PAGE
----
About 2000 common seals are born every summer. Storms or human disturbance may cause that they are separated from their mothers and washed up to the beaches. “Howler” you call an orphaned seal pup because it loudly calls for its mother. But not every pub lying alone on the beach, is abandoned. Head of the seal station Dr. Peter Lienau explains: “It may be a juvenile that was deposited only temporarily by the mother, like deer do it with their fawns.” Therefore, it is quite wrong to stay right next to the animal to guard it. This is how you scare the mother off.
“It is difficult to differentiate when an animal needs help and when not,” says Lienau, to assess this question, there is qualified staff, so-called Wadden Gamekeepers. Seals are subject to the hunting law, however, they are protected all year. If you took a cub, you would be a poacher. If someone reports a howler, the volunteer Wadden Gamekeepers observe from a distance, whether the mother is nearby. In the case of gray seals they sometimes are on the watch for days and nights. Only if the mother does not show up, they intervene. “A dedicated Wadden Gamekeeper once remained on observation posts for 24 hours during a snowstorm,” says Lienau.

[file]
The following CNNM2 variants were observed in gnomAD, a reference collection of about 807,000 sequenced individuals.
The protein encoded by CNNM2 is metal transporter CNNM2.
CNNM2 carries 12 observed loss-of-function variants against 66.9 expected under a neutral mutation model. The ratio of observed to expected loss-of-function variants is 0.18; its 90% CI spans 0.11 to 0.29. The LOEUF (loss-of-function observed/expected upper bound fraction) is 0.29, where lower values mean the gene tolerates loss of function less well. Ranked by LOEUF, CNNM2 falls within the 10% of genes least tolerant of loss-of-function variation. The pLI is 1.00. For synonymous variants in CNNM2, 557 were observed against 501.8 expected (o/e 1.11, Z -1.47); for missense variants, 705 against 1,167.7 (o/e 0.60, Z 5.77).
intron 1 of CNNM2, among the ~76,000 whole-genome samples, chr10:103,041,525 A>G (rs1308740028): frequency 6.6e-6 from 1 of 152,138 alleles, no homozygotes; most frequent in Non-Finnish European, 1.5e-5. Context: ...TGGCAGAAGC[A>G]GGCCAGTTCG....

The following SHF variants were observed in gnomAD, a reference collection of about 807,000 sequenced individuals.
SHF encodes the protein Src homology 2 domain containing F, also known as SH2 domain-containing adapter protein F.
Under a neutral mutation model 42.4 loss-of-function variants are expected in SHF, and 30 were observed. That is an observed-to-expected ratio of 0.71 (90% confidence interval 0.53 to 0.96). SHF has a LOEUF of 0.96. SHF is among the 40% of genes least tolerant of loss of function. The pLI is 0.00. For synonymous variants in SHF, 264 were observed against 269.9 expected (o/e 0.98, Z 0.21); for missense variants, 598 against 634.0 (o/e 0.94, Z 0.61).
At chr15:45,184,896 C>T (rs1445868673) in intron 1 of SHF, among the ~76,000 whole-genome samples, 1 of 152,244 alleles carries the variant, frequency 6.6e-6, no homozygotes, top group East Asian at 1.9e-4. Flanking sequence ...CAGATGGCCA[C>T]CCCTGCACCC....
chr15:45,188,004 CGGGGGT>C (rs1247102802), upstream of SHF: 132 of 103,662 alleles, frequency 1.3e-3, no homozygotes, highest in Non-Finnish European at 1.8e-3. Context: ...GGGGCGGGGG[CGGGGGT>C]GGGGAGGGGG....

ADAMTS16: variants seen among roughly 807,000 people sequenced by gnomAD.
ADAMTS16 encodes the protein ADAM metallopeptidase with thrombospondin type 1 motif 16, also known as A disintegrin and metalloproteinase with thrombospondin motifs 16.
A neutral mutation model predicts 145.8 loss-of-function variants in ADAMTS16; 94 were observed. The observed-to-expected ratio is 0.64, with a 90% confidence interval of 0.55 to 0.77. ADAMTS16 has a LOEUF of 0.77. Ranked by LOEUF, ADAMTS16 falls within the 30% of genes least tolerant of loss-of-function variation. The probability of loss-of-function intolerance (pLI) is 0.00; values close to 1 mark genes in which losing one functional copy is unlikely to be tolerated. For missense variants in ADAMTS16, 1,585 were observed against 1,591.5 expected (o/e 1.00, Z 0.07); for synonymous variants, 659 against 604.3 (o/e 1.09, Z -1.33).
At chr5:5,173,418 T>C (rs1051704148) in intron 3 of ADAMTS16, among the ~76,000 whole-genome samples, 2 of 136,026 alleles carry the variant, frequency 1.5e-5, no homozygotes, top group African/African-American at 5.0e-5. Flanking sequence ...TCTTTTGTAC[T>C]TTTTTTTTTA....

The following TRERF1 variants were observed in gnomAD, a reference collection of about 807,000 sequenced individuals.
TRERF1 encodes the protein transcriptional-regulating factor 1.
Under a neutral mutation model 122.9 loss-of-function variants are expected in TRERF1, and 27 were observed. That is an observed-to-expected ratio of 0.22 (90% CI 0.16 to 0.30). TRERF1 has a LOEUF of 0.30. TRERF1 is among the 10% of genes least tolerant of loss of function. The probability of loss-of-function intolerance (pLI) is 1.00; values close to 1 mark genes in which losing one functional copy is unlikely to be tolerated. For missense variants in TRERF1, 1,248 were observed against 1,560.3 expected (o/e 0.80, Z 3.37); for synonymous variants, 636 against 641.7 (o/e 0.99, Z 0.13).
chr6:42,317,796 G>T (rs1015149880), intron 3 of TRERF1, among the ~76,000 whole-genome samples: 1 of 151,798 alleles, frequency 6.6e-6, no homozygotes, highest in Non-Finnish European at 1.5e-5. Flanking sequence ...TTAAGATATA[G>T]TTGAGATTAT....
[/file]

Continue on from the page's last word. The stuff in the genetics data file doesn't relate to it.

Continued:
Island Visitors should respect designated seal areas and resign on photographing at close range, with the smartphone, for example, to not disturb the animals. “Regular food intake is vital for young seals,” Lienau explains. Pups get suckled by the mother four to six weeks, then they are on their own. At this point, they should weigh about 20 kilos. Just five kilos less and they are susceptible to parasites and often die from complications.
To conserve the animals’ energy reserves, you should maintain a optimum distance of 300 meters, at least 50 – also for your own safety, Lienau warns. Despite the cute appearance seals predators which have sharp teeth. The gray seal is the largest predator in Europe even, followed by the brown bear and the common seal, only then by wolf and lynx. Lienau says: “Seals would never actively attack, but they can defend themselves if they feel threatened.” An encounter with a free-running dog would be fatal for both animals. Therefore on all the islands dog must be kept on a leash all year round.
At the seal station in Norddeich every year there is about one percent of the Wadden Sea’s total seal population. The care center which also has an environmental education station is open to visitors. Through a glass pane you can observe the fosterlings. Who wants to see seals in their natural environment, should attend a certified National Park cruise, advises Lienau. All major shipping companies offer these kind of cruises to the seal banks.
Gray seal baby Ernstel came to the seal station this past February. Currently, Ernstel is being nurtured with salmon pap and herring. As soon as he is strong enough, he get released into the wild.
The photos were kindly provided by the seal station in Norddeich.